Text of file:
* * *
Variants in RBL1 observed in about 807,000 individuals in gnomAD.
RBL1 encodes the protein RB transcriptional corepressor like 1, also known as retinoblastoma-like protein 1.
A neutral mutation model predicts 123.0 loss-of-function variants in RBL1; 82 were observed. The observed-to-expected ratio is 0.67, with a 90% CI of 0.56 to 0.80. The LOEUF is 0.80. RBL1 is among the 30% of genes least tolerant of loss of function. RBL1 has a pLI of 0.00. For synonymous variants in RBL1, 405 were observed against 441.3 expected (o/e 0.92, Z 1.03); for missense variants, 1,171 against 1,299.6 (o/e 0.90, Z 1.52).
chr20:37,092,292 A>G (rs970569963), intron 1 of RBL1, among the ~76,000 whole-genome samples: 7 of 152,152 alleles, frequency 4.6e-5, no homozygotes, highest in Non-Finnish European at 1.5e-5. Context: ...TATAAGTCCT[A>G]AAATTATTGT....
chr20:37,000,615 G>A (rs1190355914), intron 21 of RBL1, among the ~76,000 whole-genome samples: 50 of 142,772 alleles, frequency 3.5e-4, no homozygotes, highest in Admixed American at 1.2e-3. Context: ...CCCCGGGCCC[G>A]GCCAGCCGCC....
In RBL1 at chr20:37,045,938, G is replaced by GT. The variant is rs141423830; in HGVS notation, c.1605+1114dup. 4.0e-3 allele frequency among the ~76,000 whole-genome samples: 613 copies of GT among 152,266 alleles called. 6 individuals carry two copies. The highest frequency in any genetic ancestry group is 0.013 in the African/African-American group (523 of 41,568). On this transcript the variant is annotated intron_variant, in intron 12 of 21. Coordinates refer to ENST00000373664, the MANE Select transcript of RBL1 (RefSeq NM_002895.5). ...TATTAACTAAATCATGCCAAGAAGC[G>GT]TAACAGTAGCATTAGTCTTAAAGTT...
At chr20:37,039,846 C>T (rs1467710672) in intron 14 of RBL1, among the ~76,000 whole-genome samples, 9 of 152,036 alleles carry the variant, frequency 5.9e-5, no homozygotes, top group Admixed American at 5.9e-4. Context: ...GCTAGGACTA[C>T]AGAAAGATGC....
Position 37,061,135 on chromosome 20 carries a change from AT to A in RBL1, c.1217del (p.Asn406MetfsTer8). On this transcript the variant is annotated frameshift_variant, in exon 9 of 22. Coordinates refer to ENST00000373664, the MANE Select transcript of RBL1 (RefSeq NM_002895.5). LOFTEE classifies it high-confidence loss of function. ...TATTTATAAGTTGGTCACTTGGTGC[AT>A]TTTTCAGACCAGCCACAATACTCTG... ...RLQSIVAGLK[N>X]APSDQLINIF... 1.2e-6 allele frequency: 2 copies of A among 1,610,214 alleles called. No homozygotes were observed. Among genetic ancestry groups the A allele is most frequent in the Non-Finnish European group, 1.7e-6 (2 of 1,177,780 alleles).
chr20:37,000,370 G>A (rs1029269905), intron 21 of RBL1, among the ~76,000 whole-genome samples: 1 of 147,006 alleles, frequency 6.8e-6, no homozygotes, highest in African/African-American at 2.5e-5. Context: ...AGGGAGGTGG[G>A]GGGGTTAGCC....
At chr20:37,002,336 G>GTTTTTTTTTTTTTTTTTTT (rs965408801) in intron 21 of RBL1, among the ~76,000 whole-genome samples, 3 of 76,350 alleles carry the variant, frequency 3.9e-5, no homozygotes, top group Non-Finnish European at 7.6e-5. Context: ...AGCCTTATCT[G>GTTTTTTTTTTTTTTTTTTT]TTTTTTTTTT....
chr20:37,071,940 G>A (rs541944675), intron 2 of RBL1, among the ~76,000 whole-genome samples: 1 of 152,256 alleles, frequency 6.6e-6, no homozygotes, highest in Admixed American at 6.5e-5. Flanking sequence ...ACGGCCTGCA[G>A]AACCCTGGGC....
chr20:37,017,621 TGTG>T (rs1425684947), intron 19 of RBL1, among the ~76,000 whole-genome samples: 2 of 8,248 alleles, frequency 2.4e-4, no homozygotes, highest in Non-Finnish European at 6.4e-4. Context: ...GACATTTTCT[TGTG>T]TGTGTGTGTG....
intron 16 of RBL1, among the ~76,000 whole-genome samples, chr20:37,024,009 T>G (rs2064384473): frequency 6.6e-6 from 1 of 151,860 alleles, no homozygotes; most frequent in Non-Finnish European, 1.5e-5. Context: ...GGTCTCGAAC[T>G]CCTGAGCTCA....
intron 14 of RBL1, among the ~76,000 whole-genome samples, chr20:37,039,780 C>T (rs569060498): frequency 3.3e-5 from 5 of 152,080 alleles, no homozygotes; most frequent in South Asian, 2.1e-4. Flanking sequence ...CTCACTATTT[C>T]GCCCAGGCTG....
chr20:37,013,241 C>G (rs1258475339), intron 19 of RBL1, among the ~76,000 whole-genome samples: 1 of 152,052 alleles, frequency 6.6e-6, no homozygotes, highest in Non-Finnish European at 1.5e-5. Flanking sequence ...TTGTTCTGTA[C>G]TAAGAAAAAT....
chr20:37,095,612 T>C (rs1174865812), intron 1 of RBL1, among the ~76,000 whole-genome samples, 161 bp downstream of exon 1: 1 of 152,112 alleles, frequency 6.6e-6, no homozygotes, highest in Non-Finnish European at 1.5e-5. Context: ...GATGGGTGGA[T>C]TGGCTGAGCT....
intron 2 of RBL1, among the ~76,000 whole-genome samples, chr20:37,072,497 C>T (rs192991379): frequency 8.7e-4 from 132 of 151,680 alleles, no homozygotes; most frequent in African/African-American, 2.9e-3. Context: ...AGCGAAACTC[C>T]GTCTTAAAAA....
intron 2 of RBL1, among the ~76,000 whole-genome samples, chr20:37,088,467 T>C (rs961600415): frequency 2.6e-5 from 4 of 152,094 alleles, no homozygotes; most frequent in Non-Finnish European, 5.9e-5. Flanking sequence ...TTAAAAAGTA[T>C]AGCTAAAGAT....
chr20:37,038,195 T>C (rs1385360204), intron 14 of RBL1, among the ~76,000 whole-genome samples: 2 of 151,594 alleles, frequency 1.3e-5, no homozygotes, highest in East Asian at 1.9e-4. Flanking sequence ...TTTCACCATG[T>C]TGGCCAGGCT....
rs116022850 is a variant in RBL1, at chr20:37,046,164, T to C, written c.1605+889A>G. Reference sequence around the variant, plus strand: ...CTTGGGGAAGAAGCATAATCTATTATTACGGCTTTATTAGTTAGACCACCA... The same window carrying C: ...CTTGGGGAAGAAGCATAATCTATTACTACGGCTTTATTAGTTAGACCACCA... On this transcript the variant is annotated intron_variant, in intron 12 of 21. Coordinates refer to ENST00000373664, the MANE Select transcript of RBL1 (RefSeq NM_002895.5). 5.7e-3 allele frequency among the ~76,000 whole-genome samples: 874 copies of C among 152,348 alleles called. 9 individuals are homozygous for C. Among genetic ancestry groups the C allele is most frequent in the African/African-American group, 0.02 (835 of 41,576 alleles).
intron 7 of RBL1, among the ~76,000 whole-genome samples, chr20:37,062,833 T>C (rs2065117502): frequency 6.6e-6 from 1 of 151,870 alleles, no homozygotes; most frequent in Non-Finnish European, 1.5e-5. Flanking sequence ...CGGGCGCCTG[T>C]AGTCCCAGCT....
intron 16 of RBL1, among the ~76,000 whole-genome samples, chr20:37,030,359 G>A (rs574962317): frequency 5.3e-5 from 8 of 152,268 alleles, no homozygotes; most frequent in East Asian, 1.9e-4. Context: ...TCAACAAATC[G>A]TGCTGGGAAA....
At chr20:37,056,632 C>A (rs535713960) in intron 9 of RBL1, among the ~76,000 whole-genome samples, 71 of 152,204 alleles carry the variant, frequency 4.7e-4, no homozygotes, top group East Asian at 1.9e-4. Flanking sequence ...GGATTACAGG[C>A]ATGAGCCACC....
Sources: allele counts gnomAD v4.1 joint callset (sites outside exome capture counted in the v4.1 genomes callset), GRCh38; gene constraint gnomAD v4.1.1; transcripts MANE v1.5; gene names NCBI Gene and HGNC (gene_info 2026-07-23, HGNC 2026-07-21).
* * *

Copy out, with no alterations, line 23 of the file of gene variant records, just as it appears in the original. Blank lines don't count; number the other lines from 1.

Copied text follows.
At chr20:37,056,632 C>A (rs535713960) in intron 9 of RBL1, among the ~76,000 whole-genome samples, 71 of 152,204 alleles carry the variant, frequency 4.7e-4, no homozygotes, top group East Asian at 1.9e-4. Flanking sequence ...GGATTACAGG[C>A]ATGAGCCACC....